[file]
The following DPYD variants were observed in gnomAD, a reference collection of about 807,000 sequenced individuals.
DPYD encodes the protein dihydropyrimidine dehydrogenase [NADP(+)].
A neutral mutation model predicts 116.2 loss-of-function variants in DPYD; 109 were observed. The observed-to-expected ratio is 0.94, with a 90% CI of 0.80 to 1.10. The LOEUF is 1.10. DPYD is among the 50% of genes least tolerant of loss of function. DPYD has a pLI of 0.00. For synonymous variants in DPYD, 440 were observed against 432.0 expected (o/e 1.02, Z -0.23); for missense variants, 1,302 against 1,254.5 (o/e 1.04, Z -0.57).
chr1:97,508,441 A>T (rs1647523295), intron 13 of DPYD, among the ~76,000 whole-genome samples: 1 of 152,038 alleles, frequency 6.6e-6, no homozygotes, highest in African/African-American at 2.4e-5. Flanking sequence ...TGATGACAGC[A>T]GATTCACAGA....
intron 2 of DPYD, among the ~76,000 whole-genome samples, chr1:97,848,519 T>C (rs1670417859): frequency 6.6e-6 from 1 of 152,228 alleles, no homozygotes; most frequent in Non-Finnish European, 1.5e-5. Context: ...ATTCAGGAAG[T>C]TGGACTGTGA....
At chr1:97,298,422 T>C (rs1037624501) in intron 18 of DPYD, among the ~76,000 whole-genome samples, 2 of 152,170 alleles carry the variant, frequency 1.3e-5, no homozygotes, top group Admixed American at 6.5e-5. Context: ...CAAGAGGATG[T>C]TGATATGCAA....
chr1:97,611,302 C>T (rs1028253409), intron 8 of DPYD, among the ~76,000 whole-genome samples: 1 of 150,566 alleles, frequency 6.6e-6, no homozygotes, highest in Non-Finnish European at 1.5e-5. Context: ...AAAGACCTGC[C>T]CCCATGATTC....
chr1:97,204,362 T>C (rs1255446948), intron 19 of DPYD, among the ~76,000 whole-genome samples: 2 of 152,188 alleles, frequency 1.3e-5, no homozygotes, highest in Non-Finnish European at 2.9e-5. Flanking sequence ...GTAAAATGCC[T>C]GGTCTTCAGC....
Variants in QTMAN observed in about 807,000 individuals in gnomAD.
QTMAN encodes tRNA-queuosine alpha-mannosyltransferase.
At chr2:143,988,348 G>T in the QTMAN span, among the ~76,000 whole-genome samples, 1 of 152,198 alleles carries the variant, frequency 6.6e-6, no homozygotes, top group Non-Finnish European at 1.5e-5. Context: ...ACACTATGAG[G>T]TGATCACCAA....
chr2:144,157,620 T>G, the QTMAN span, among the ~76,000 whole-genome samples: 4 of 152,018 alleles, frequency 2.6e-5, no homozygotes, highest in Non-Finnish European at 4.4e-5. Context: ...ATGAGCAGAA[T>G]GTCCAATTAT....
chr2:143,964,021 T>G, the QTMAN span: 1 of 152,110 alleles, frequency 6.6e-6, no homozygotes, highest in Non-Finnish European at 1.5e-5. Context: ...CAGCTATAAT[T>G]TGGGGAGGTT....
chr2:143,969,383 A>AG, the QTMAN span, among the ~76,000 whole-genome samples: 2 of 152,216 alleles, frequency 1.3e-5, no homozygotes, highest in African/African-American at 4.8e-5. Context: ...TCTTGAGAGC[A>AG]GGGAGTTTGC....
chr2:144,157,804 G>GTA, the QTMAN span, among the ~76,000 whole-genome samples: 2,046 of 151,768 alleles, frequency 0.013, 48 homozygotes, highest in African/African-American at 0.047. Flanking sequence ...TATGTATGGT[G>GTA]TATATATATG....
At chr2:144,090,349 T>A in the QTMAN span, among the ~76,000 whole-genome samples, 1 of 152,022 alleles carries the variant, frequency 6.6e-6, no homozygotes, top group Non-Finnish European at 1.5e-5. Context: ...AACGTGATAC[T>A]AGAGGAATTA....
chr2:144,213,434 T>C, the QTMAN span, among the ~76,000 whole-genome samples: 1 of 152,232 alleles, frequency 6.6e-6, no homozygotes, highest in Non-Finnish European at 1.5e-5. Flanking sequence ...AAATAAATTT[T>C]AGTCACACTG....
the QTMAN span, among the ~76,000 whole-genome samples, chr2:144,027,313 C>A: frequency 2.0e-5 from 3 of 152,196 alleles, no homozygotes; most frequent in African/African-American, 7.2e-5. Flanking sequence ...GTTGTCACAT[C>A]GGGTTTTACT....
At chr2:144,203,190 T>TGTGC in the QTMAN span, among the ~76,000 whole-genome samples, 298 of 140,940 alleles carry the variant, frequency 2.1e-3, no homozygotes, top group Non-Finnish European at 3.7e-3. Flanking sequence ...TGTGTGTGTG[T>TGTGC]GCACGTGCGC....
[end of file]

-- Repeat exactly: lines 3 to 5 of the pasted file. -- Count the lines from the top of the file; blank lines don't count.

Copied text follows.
A neutral mutation model predicts 116.2 loss-of-function variants in DPYD; 109 were observed. The observed-to-expected ratio is 0.94, with a 90% CI of 0.80 to 1.10. The LOEUF is 1.10. DPYD is among the 50% of genes least tolerant of loss of function. DPYD has a pLI of 0.00. For synonymous variants in DPYD, 440 were observed against 432.0 expected (o/e 1.02, Z -0.23); for missense variants, 1,302 against 1,254.5 (o/e 1.04, Z -0.57).
chr1:97,508,441 A>T (rs1647523295), intron 13 of DPYD, among the ~76,000 whole-genome samples: 1 of 152,038 alleles, frequency 6.6e-6, no homozygotes, highest in African/African-American at 2.4e-5. Flanking sequence ...TGATGACAGC[A>T]GATTCACAGA....
intron 2 of DPYD, among the ~76,000 whole-genome samples, chr1:97,848,519 T>C (rs1670417859): frequency 6.6e-6 from 1 of 152,228 alleles, no homozygotes; most frequent in Non-Finnish European, 1.5e-5. Context: ...ATTCAGGAAG[T>C]TGGACTGTGA....